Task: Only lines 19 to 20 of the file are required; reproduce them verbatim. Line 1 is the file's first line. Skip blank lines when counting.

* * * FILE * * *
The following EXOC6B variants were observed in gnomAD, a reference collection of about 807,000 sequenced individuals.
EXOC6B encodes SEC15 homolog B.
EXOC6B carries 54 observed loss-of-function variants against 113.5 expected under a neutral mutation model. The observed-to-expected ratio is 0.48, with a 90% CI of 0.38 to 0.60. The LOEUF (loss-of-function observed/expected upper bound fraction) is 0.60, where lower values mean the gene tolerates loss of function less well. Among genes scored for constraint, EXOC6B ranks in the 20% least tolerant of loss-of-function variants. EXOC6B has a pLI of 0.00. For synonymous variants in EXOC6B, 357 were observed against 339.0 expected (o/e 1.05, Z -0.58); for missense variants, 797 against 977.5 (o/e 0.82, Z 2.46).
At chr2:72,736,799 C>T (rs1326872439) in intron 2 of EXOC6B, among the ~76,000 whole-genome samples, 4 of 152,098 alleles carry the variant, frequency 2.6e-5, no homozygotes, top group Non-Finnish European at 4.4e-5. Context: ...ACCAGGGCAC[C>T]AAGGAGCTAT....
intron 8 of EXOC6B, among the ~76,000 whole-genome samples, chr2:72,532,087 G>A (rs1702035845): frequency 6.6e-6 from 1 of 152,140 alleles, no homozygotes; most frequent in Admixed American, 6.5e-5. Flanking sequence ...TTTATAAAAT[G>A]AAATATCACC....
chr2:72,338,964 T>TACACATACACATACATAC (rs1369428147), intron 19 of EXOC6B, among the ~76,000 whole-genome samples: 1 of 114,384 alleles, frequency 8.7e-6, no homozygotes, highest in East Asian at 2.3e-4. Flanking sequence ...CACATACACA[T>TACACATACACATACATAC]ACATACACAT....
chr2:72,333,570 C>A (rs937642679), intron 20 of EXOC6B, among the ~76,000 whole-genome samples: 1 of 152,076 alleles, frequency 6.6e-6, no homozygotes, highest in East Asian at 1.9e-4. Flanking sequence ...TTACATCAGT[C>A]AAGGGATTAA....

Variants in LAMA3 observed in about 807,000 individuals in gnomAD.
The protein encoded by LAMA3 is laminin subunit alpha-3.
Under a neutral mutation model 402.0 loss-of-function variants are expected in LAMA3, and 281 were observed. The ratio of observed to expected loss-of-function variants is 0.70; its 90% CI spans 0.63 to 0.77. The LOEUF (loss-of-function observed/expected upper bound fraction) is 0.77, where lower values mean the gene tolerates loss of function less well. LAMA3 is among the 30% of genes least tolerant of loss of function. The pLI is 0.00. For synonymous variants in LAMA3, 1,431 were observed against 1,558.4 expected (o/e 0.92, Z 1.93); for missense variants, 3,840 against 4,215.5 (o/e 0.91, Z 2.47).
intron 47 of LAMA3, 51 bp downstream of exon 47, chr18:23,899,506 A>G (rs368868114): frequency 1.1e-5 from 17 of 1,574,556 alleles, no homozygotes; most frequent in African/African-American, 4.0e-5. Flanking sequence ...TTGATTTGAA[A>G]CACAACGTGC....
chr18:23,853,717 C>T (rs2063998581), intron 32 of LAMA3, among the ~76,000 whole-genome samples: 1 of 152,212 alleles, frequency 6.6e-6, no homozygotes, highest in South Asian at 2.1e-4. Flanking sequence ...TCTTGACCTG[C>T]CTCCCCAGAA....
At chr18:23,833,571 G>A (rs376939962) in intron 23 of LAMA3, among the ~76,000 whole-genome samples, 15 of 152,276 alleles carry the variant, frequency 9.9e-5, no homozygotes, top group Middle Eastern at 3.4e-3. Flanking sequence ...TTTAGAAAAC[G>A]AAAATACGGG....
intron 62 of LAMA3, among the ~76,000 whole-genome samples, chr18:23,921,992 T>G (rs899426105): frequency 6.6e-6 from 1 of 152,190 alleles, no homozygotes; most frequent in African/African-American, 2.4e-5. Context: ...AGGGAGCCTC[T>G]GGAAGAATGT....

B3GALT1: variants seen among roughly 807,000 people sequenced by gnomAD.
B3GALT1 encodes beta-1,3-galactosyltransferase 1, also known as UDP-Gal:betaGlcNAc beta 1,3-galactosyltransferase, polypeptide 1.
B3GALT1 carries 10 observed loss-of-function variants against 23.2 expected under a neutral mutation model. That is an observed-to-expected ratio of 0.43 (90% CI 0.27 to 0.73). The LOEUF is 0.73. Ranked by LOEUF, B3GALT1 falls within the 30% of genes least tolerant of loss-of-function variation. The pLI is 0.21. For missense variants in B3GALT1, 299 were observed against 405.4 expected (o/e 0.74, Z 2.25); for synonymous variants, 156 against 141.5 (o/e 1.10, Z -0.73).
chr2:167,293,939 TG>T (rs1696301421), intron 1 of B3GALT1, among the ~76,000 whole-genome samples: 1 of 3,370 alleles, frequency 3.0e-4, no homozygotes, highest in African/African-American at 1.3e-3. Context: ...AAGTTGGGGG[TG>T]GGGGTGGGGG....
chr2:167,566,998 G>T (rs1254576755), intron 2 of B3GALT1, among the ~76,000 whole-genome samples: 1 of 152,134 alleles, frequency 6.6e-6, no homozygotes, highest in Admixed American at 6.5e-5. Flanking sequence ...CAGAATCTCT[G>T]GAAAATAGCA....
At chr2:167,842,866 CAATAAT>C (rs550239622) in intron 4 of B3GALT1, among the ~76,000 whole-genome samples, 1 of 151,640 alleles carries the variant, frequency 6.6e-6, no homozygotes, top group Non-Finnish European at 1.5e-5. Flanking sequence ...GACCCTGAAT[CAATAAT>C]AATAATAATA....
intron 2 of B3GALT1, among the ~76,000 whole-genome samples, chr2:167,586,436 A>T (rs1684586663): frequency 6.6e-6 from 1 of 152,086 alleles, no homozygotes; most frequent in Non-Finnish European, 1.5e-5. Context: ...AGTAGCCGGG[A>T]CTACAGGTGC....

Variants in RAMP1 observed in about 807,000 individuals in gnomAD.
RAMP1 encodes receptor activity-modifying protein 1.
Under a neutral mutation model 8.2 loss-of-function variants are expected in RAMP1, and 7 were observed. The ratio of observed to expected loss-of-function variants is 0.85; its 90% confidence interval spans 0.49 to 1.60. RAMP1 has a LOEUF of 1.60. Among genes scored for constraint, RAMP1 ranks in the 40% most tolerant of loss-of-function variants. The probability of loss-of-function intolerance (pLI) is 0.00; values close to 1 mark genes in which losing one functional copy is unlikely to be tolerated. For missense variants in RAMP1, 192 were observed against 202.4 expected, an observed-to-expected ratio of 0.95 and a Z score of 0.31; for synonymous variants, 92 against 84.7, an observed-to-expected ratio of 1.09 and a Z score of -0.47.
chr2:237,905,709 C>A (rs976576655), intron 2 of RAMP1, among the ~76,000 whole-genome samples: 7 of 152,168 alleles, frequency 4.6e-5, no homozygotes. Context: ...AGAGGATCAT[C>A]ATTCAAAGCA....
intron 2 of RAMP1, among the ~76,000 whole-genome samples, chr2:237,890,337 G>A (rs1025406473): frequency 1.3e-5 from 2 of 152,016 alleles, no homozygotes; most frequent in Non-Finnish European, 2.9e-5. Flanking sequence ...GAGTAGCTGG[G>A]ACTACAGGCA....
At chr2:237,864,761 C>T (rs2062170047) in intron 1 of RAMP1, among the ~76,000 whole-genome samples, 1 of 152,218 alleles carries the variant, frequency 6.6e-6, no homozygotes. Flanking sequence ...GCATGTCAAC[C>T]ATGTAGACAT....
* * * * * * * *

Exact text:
chr2:167,566,998 G>T (rs1254576755), intron 2 of B3GALT1, among the ~76,000 whole-genome samples: 1 of 152,134 alleles, frequency 6.6e-6, no homozygotes, highest in Admixed American at 6.5e-5. Flanking sequence ...CAGAATCTCT[G>T]GAAAATAGCA....
At chr2:167,842,866 CAATAAT>C (rs550239622) in intron 4 of B3GALT1, among the ~76,000 whole-genome samples, 1 of 151,640 alleles carries the variant, frequency 6.6e-6, no homozygotes, top group Non-Finnish European at 1.5e-5. Flanking sequence ...GACCCTGAAT[CAATAAT>C]AATAATAATA....